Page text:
   Fuses the elements of $arr with $glue as a separator
   explode($sep, $str)
       Opposite of implode – splits a string into an array
   nl2br($str)
       Converts newlines in a string to <br /> tags
   strstr($haystack, $needle)
       Returns substring starting from first occurrence of $needle
        till the end of $haystack, or false if not found

        Interacting with HTML
   PHP can generate an HTML file which the client views
   Since PHP is server-side, all the PHP code is executed
    first, and the only output is HTML (or binary...)
   You can print out variable contents in the HTML:
       <input type=“text” name=“user” value=“<?=$user?>”>
   Part of doing that requires actually processing data!
   How do we get data from an HTML form?

    Sample HTML Form – login.html
   <form method=“POST” action=“login.php”>
     User name:
     <input type=“text” name=“user” />
     <br />
     <input type=“password” name=“pass” />
     <br /> <input type=“submit” />

     Processing script – login.php
   if(empty($_POST[“user”]) || empty($_POST[“pass”]) {
        die(“You didn’t enter a user and a password!”);
   if(lookup_user($_POST[“user”], $_POST[“pass”])) {
        echo “Welcome to the administration.”;
        include “adminfile.php”;
   } else {
        die(“Bad user or password error.”);

   What’s this $_POST[“user”] thing?
       $_POST is a superglobal array, i.e. it is an array of data passed
        to the PHP script that is available anywhere in the script.
       Prior to PHP 4.1.0, it used to be $HTTP_POST_VARS
       There are other superglobal arrays:
            $GLOBALS – all variables defined in the global scope
            $_SERVER – server variables, viewable on phpinfo()
            $_GET – all form fields or querystrings passed by GET
            $_COOKIE – all cookie values
            $_FILES – information about uploaded files
            $_ENV – environment variables, viewable on phpinfo()
            $_REQUEST – union of $_GET, $_POST, $_COOKIE (GPC order)
            $_SESSION – contains session variables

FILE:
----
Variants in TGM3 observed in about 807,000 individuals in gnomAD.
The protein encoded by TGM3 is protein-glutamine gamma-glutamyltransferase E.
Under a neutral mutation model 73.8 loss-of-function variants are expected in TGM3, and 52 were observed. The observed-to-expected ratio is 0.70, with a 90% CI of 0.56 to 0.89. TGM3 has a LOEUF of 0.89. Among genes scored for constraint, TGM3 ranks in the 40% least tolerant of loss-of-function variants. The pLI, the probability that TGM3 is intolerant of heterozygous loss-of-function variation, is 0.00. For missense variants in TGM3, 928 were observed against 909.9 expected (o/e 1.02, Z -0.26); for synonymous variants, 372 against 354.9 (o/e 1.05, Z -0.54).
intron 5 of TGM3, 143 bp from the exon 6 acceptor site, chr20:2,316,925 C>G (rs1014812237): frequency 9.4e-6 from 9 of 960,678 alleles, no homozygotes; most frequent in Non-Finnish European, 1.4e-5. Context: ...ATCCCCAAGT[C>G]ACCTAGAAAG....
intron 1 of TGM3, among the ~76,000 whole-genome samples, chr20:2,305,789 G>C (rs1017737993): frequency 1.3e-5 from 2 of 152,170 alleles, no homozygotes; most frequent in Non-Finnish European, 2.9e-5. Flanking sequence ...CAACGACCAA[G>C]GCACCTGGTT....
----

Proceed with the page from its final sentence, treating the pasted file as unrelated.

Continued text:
Session Tracking
   As in Java Servlets, sessions can be tracked via hidden
    HTML forms or by cookies
   PHP also has its own method of session tracking
   A unique session ID is generated for every user
   This ID can be propagated across pages in two ways:
       Cookies (most common)
       URL query string
            Append the predefined constant SID after the ? of a URL
            URL method is more prone to security vulnerability

        Session Tracking, II
   All session data (besides ID) is stored on the server
   In order to initialize or continue a session, the best way
    is to explicitly use the session_start() function at the
    top of your page.
   Session variables are accessed or set by $_SESSION
       Example: $_SESSION[“user”] = $_POST[“user”];
       Then, on another page, after you call session_start() you can
        access $_SESSION[“user”]
       Objects and arrays can be stored in sessions
   A call to session_destroy() will erase all data from the

        Classes and Objects in PHP4
   PHP’s evolution seems to be largely defined by its
    support for OOP
   In PHP4, there are no modifiers (public, private, etc)
   Classes can be defined anywhere
       But, you can’t break up a class definition (i.e. define a class in
        one block of PHP and its methods in another block)
   Single inheritance is supported, but no interfaces
   No real distinction between static/dynamic methods
   No destructors

           Some Object Syntax
   class A {
     function A() {
        echo "I am the constructor of A.<br />\n";
         function B() {
            echo "I am a regular function named B in class A.<br />\n";